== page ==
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Front Page » December 11, 2008 » Carbon County News » Boys, girls club scheduled to open doors in Carbon County
Published 2,175 days ago

Boys, girls club scheduled to open doors in Carbon County


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By C.J. MCMANUS
Sun Advocate community editor

A new boys and girls club is slated to open its doors to the youth of Carbon County in the near future.

According to a recent media release, the club will be part of a national organization that aided more than 4.8 million youth last year and boasts branches at more than 4,300 locations.

"We are excited to announce that a group of motivated citizens have been working towards this worthwhile facility for the youth of Carbon County," commented Liz Ferguson in the press release. "Throughout the history of the boys and girls club, there have been thousands of lives changed for the better."

The 2007 National Harris Survey confirms that boys and girls clubs have an immediate effect and long-lasting impact on their alumni.

The statistics provided in the media release indicate that:

Sixty seven percent of the alumni identified the club as the place where they learned how to "say no" to drugs and alcohol.

•Twenty eight percent of the participants reported they would have dropped out of high school if not for the club.

•Fifty one percent of the youth achieved a higher level of education than they thought possible because of attending the club.

•Fifty seven percent of alumni said the club saved their life. The statistic rose 5 percent from the 1999 survey.

The compelling outcomes as well as the reputation of the program are aimed directly at the children of Carbon County.

"We are very fortunate to live in a community that will support the Boys and Girls Club and have citizens who are deeply invested in making a difference in the live of children," said the release.

The croup's national website at www.bgca.org, reports that the United States is facing a growing crisis with soaring high school drop-out rates, coupled with low fitness and high obesity within young people.

"Boys and girls clubs are providing solutions to this national epidemic through homework help, engaging and fun nutritional tips, energizing sports and recreational activities and challenging academic programs," said the site. "Throughout the nation, clubs are reaching out to a generation at risk by providing positive guidance and exciting opportunities."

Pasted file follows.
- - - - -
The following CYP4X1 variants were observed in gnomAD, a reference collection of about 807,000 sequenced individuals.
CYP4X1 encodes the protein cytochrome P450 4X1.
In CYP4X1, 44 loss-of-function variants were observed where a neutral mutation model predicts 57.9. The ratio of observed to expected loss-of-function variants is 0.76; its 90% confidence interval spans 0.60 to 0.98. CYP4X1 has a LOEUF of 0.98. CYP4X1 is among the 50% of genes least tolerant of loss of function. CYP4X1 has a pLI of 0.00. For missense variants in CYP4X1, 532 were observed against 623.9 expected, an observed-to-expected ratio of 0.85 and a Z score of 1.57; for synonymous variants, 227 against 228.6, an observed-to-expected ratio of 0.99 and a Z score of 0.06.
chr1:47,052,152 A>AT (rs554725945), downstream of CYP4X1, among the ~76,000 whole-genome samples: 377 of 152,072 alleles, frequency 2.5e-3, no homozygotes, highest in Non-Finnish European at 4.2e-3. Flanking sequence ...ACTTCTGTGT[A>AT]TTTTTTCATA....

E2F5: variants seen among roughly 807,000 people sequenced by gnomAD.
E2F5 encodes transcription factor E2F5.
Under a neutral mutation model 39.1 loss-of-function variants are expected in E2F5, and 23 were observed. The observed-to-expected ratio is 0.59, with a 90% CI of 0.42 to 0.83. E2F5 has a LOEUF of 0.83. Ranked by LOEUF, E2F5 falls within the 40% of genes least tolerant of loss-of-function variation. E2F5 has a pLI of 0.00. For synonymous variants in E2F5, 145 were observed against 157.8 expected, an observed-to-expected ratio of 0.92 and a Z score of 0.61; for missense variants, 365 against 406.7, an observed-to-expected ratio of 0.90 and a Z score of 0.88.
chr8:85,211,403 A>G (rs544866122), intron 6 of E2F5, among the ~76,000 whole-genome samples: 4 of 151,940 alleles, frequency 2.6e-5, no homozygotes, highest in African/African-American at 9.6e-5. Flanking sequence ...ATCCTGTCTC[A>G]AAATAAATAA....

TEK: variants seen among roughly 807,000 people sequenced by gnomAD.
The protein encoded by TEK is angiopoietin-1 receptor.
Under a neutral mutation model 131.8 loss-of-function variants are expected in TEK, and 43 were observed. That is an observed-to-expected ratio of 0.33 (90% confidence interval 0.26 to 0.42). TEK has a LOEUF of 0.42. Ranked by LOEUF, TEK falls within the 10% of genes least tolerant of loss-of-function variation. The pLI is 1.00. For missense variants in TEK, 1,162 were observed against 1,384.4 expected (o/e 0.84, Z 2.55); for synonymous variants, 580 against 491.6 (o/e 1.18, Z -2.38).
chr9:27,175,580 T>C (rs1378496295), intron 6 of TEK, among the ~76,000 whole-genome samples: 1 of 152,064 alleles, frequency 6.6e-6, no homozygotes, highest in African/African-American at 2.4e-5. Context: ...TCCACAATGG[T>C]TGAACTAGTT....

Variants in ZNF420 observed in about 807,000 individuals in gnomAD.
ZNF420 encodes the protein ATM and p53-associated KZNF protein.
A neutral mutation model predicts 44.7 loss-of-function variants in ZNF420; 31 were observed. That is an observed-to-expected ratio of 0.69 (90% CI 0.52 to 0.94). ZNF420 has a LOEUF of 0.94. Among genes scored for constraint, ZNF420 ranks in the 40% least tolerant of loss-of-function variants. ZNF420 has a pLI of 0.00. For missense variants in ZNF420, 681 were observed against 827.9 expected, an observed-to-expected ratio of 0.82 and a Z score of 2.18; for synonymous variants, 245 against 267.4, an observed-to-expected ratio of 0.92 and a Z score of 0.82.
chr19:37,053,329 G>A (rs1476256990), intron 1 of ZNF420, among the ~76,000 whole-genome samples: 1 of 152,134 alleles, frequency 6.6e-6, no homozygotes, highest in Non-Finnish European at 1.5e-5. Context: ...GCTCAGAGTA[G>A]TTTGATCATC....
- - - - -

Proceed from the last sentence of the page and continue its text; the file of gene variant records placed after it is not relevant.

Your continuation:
The mission of Carbon County's Boys and Girls club will focus on inspiring participants, families and the community to realize the youth's full potential as productive responsible and caring citizens, explained the local press release.

"We will provide a fun, safe, supervised environment for educational and recreational activities where boys and girls can develop self-esteem and qualities needed to become productive community leaders and members," said Ferguson.

The non-profit club intends to offer a safe place to learn and grow by giving local kids life enhancing programs and opportunities, as well as positive role models. The club teaches young people the skills they need to succeed in life, supports public education initiatives, offers one-on-one academic tutoring and allows volunteer opportunities for local citizens and university students, according to the release.

It is reported that because the club is non-profit, dues will be at a minimum for the families who need the services, with additional assistance available to those cannot afford that minimum.

The organization has a longstanding national reputation for good will and in 2007, Forbes, Smartmoney and U.S. News and World Report ranked the BGCA among the top charitable organizations in America. That ranking was based upon the cost effective use of donor dollars.

WORTH magazine has ranked BGCA as one of America's top 100 charities based on financial efficiency, strength of reputation and program effectiveness.

Some basic age statistics about the national organization reveal that:

•Sixty five percent are from minority families.

•Eleven percent are less than seven year-old.

•Twenty six percent are between the ages of seven and nine years of age.

•Twenty nine percent are 10-12 year of age.

•Twenty one percent are 13 to 15 years old.

•Eleven percent are 16-18 years old.

•Two percent are more than 18.

As for gender usage:

•Fifty five percent of club members are male and 45 percent are female.

The numbers show that the club has effective outreach programs and is useful to children of all ages and genders in the community.

The group has invited all who are interested in the program to their next meeting which is conducted on the first Wednesday of every month at noon in the classroom above the College of Eastern Utah Prehistoric Museum. Liz Ferguson and Megan Motte plan to approach the county commission on Dec. 10 to give an update and request support for the club from Carbon County Commission officials.

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